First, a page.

Monday, December 14, 2015

Streetcars - 12/14/15 - New Orleans, LA

Monday – December 14, 2015
New Orleans, Louisiana

We spent Sunday relaxing at our campsite at the Bayou Segnette Campground in Westwego, Louisiana. Overcast skies, with gusty winds approaching 25 mph, dominated the region. Thunderstorms were forecast to hit the area around 5:00 p.m. However, the worse part of the storm passed to the north of the campground. It wasn’t until around 9:00 p.m. a few rain showers, with gusty winds, passed through our location.

We awoke to a beautiful day: clear blue, sunny skies with the temperature forecast to reach 71 degrees. Perfect weather to spend our last day in New Orleans riding the streetcars!

New Orleans has these quaint, 1940’s era, streetcars that operate through specific regions of the city. Fares are $1.25 per ride or $3.00 for a 1-Day Pass that is good for unlimited rides.

New Orleans streetcars currently operate four lines, all of which connect on Canal Street:

St. Charles Line:
The streetcar leaves from the corner of Canal and Carondelet streets. This 13.2-mile route traverses the Central Business District, the Garden District and Uptown, turning onto Carrollton Ave.

Riverfront Line:
This 1.8-mile route runs along the Mississippi River from the lower French Quarter to the foot of Canal Street.

Canal Line:
This line connects with the St. Charles and Riverfront lines. Some Canal streetcars (marked "City Park" ) take the "spur" down Carrollton to City Park; other (marked "Cemeteries") continue to the end of Canal Street.

Loyola Line:
This new line runs from Union Passenger Terminal to Canal Street.

We parked at the Algiers Ferry parking lot ($5.00, all day). Unfortunately the ferry was not operating upon our arrival, so we had to take the bus over to New Orleans (there is also a bus stop at the Algiers Ferry landing).

We rode the St. Charles streetcar first. The highlight of this trip was the ride through the Garden District. Multi-million dollar historic mansions and multi-family homes adorn both sides of the street, throughout the district. The architectural splendor of these magnificent mansions is breathtaking.

The area was originally developed between 1832 and 1900 and is considered one of the best-preserved collections of historic mansions in the Southern United States. The 19th-century origins of the Garden District illustrate wealthy newcomers building opulent structures based upon the prosperity of New Orleans in that era.

This whole area was once a number of plantations. It was sold off in parcels to mainly wealthy Americans who did not want to live in the French Quarter with the Creoles. It became a part of the city of Lafayette in 1833, and was annexed by New Orleans in 1852.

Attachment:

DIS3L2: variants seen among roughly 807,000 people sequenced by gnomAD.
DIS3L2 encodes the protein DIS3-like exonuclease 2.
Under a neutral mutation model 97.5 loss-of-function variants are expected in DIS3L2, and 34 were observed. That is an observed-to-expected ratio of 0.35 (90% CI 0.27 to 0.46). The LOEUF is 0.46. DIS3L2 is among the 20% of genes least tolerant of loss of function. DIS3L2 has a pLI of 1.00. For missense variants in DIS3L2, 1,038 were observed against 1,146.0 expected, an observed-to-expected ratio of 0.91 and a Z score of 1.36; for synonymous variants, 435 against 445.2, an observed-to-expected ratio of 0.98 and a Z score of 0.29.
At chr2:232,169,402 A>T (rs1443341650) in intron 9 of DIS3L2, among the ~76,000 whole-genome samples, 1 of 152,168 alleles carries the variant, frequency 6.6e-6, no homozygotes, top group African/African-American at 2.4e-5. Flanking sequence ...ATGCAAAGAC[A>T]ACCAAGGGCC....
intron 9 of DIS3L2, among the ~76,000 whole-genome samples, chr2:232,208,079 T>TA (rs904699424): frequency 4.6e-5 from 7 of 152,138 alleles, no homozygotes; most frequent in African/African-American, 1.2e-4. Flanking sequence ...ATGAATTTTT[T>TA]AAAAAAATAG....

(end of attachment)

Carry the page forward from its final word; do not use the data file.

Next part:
Originally the area was developed with only a couple of houses per block, each surrounded by a large garden, giving the district its name. In the late 19th century, some of these large lots were subdivided, as Uptown New Orleans became more urban. This has produced a pattern for much of the neighborhood: of any given block having a couple of early 19th-century mansions surrounded by late Victorian period homes. Thus, the "Garden District" is now known for its architecture more than for its gardens.

As the streetcar makes its turn onto Carrollton Ave. it passes by O’Henry’s Food & Spirits Restaurant. The restaurant is housed in a 2-story house that was filled with diners as we passed by it. The streetcar operator made a point of pointing this restaurant out to the passengers. I made a mental note to add this restaurant to our next visit to New Orleans.

After the 26-mile roundtrip ride we were ready for lunch. We ventured over into the French Quarter to seek out a restaurant for a Poboy sandwich. We chose the Tableau Restaurant at 616 St. Peter Street. We liked the open-air, upscale-type ambiance of the restaurant. We were not disappointed! Sharon had the Pulled Pork Sandwich and I had the Fried Shrimp Poboy. Both selections were delicious!

A short walk from the Tableau Restaurant brought us to the Riverfront Streetcar Line. We boarded the streetcar at the Toulouse Street stop and rode it to the end of the line to the French Market. We remained on the streetcar and on the return trip, disembarked at the Dumaine Street stop.

There was an important reason for getting off of the streetcar at the Dumaine Street stop. It was close to the Café du Monde at 800 Decatur Street. This café is known for serving up the best beignets!

We ordered one order of beignets (a serving of 3) and two café au laits. The beignets were so delicious, even better than the beignets we had on Saturday at another place, we got another order to-go.

We finished off our visit to New Orleans with a walk along the Mississippi Riverfront. The sun had set a couple of hours ago and the lights from the city’s high rise buildings and gambling casinos reflected off the surface of the water. We basked in the serenity of the moment as we made our way to the Algiers Ferry station. We were pleased to see the ferry was now operating. We would not have to take the bus to the Algiers Ferry parking lot, located on the other side of the Mississippi River.

So long New Orleans… see you again on our next visit!

Tomorrow another adventure begins.

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